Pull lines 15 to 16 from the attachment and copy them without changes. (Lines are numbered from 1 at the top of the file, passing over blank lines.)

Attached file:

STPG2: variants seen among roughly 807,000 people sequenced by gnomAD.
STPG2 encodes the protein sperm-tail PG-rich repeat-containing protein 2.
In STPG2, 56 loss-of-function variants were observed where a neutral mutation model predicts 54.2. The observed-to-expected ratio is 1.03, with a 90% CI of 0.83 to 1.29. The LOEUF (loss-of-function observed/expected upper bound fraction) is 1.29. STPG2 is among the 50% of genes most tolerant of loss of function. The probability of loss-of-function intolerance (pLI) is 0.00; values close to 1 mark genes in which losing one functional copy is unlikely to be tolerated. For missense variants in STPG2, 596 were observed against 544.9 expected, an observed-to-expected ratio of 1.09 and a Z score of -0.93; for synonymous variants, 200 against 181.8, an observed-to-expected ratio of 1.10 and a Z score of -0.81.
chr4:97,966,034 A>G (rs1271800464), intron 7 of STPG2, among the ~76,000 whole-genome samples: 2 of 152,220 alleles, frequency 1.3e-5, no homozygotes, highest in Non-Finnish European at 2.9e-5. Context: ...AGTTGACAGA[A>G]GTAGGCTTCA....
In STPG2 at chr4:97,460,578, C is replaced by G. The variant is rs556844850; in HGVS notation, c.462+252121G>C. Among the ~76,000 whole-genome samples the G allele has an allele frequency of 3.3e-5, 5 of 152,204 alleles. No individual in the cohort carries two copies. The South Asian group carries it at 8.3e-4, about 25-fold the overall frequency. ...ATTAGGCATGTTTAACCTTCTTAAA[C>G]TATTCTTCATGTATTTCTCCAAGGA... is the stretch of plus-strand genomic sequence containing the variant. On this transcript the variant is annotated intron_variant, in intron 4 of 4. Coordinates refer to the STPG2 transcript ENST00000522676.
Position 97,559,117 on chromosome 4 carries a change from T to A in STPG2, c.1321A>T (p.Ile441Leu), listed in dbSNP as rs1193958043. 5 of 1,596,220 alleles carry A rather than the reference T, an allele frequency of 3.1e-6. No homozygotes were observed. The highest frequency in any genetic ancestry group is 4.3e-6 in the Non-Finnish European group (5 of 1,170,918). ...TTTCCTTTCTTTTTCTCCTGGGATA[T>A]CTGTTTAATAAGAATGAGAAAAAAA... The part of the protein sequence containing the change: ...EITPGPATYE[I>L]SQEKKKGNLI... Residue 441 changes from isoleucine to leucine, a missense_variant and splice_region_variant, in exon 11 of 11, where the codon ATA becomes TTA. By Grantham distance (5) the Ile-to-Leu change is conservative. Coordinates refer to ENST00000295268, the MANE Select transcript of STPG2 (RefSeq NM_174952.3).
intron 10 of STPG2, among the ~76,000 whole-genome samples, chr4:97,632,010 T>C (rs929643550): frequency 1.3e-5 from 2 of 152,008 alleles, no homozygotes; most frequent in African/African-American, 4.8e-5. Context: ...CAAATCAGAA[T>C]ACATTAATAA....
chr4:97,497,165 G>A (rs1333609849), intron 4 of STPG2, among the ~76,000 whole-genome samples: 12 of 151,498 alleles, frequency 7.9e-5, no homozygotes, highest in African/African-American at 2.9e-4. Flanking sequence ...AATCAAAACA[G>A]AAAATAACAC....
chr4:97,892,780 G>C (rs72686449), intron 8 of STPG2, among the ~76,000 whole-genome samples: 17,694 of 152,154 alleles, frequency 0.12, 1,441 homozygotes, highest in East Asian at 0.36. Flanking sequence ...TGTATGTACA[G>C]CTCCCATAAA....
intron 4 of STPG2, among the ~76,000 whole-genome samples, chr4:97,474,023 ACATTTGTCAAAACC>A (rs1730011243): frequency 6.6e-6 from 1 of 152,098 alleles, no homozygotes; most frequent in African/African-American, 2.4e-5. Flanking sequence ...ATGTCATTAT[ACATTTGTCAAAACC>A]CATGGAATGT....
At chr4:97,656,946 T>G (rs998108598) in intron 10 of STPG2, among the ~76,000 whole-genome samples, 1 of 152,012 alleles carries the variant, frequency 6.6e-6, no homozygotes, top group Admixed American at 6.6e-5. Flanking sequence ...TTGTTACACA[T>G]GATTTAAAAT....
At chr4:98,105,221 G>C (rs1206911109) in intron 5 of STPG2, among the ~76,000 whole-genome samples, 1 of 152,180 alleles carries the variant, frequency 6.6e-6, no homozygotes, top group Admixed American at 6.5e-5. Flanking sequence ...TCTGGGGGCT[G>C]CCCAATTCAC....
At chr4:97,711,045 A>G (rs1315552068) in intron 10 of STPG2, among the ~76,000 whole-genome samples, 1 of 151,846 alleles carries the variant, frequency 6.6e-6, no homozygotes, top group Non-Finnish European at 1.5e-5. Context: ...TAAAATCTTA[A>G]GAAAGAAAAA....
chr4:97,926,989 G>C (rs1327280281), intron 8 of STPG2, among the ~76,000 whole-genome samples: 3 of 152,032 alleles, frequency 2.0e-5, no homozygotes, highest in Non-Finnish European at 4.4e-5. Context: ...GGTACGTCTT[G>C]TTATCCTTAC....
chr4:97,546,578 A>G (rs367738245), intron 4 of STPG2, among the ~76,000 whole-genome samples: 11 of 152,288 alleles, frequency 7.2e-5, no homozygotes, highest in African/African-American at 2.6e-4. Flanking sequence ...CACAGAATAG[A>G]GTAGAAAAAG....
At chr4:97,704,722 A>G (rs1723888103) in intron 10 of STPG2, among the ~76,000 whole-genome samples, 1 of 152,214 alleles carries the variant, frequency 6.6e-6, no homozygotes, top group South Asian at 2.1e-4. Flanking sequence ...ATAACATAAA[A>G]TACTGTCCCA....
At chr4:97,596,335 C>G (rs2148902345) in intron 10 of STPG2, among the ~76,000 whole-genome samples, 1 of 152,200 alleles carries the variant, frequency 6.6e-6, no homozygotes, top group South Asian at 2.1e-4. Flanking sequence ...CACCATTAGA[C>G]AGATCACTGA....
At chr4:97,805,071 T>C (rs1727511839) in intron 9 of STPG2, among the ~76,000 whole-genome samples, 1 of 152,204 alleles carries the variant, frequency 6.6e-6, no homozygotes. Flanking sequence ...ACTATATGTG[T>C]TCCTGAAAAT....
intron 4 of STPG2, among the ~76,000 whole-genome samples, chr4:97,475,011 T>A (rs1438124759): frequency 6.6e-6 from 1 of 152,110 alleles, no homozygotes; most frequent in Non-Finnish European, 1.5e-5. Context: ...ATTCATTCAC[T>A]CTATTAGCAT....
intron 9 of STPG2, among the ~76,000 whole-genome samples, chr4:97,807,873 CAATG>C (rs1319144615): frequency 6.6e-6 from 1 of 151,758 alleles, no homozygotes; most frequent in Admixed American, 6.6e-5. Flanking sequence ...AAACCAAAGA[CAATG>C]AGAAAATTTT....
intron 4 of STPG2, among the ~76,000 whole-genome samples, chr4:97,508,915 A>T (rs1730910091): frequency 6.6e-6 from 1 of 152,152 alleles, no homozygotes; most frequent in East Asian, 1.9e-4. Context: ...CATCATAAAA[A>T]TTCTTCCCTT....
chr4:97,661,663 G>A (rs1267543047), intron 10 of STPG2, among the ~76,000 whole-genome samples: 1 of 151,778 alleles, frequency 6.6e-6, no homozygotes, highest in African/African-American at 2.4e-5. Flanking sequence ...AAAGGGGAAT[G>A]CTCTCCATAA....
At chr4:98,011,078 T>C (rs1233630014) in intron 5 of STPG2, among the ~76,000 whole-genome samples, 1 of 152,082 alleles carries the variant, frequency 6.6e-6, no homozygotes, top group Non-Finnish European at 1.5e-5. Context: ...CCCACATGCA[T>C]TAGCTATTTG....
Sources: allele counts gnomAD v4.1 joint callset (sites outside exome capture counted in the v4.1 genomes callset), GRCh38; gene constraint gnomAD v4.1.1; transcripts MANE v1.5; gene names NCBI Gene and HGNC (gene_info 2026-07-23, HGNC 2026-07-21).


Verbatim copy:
chr4:97,546,578 A>G (rs367738245), intron 4 of STPG2, among the ~76,000 whole-genome samples: 11 of 152,288 alleles, frequency 7.2e-5, no homozygotes, highest in African/African-American at 2.6e-4. Flanking sequence ...CACAGAATAG[A>G]GTAGAAAAAG....
At chr4:97,704,722 A>G (rs1723888103) in intron 10 of STPG2, among the ~76,000 whole-genome samples, 1 of 152,214 alleles carries the variant, frequency 6.6e-6, no homozygotes, top group South Asian at 2.1e-4. Flanking sequence ...ATAACATAAA[A>G]TACTGTCCCA....